Deep in the brain, near the floor of the skull is a region called the hypothalamus. Within this structure are regions devoted to controlling your biorhythms. You wake up each morning and go to bed each night according to the rhythm generated within this brain region.
The way the brain knows when to do these things is partly influenced by the amount of sunlight entering your eyes. The rising sun wakes you in the morning and your brain responds to this signal by telling you to eat breakfast. Your entire day is orchestrated by the rhythms generated within this brain region. Needless to say, if you interfere with the rhythms of your body the consequences can be significant and often unpleasant.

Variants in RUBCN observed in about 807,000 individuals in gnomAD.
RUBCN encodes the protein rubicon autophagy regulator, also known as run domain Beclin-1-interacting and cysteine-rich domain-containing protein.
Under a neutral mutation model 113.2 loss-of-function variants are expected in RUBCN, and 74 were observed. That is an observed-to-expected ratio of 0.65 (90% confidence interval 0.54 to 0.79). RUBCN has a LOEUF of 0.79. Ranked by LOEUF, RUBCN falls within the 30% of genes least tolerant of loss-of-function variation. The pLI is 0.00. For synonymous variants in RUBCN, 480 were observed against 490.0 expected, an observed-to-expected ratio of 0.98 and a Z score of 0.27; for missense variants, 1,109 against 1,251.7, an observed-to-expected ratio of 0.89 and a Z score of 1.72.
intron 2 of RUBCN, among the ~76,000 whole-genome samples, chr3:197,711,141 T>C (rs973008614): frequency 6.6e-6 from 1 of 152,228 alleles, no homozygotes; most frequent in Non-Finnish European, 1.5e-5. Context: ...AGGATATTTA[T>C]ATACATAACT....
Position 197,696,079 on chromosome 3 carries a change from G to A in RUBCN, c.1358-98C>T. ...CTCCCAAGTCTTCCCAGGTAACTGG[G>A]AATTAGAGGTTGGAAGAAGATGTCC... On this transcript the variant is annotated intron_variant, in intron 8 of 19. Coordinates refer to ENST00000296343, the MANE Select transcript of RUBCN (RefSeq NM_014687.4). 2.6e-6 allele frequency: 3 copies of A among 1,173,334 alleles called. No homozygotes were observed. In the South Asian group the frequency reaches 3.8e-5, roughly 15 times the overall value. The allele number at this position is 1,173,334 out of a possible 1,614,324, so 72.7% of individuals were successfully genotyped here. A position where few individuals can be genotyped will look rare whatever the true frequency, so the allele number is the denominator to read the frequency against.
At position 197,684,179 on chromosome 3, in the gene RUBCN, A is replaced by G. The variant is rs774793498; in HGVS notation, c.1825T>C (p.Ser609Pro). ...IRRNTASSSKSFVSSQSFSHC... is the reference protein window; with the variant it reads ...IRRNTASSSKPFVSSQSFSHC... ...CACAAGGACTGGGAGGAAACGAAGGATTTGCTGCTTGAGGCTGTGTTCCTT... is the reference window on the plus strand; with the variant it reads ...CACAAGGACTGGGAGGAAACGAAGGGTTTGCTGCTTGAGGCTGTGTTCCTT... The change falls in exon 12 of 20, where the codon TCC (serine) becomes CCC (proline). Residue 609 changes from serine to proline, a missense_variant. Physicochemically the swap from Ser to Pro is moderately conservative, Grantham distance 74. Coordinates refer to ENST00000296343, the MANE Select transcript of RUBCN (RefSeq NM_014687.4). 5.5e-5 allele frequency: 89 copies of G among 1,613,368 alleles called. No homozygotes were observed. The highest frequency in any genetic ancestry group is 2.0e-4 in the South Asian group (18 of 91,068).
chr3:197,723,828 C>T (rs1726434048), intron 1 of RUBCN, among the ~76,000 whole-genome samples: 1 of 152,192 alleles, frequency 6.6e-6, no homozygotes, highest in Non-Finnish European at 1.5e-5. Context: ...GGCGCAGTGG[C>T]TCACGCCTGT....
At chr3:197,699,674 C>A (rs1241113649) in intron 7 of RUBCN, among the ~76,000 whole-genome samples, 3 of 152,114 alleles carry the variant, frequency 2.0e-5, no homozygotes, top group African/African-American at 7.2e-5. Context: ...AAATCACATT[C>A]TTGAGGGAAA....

Recently, a study was published Dr. Randy Nelson in the prestigious journal, The Proceedings of the National Academy of Science, outlining how the time of day that we consume food influences whether we convert the calories into nutrients or fat. The study suggests that if we eat late at night, outside our normal diurnal feeding cycle, we are more likely to convert our calories into fat and also impair our ability to regulate blood sugar in response to eating. This last condition is known as diabetes; nighttime eating has previously been related to the development of diabetes in humans.